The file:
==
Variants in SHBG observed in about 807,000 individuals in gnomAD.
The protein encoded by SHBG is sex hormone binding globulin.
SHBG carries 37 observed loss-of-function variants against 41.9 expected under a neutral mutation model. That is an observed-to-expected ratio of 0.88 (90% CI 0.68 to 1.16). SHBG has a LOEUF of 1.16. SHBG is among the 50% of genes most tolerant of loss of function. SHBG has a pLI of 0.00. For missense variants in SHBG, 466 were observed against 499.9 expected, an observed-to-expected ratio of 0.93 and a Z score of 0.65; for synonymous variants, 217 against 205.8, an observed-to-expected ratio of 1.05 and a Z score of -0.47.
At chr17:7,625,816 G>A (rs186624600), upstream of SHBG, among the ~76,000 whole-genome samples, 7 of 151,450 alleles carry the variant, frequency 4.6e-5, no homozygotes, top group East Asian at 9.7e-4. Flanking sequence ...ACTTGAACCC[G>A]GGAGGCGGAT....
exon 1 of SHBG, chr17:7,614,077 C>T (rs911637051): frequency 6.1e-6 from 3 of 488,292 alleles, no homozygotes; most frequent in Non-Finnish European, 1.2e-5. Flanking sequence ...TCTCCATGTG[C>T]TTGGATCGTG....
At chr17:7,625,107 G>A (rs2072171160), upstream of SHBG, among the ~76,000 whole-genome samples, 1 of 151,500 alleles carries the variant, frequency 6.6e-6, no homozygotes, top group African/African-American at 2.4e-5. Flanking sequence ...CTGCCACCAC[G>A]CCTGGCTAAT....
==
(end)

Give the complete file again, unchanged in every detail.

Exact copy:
Variants in SHBG observed in about 807,000 individuals in gnomAD.
The protein encoded by SHBG is sex hormone binding globulin.
SHBG carries 37 observed loss-of-function variants against 41.9 expected under a neutral mutation model. That is an observed-to-expected ratio of 0.88 (90% CI 0.68 to 1.16). SHBG has a LOEUF of 1.16. SHBG is among the 50% of genes most tolerant of loss of function. SHBG has a pLI of 0.00. For missense variants in SHBG, 466 were observed against 499.9 expected, an observed-to-expected ratio of 0.93 and a Z score of 0.65; for synonymous variants, 217 against 205.8, an observed-to-expected ratio of 1.05 and a Z score of -0.47.
At chr17:7,625,816 G>A (rs186624600), upstream of SHBG, among the ~76,000 whole-genome samples, 7 of 151,450 alleles carry the variant, frequency 4.6e-5, no homozygotes, top group East Asian at 9.7e-4. Flanking sequence ...ACTTGAACCC[G>A]GGAGGCGGAT....
exon 1 of SHBG, chr17:7,614,077 C>T (rs911637051): frequency 6.1e-6 from 3 of 488,292 alleles, no homozygotes; most frequent in Non-Finnish European, 1.2e-5. Flanking sequence ...TCTCCATGTG[C>T]TTGGATCGTG....
At chr17:7,625,107 G>A (rs2072171160), upstream of SHBG, among the ~76,000 whole-genome samples, 1 of 151,500 alleles carries the variant, frequency 6.6e-6, no homozygotes, top group African/African-American at 2.4e-5. Flanking sequence ...CTGCCACCAC[G>A]CCTGGCTAAT....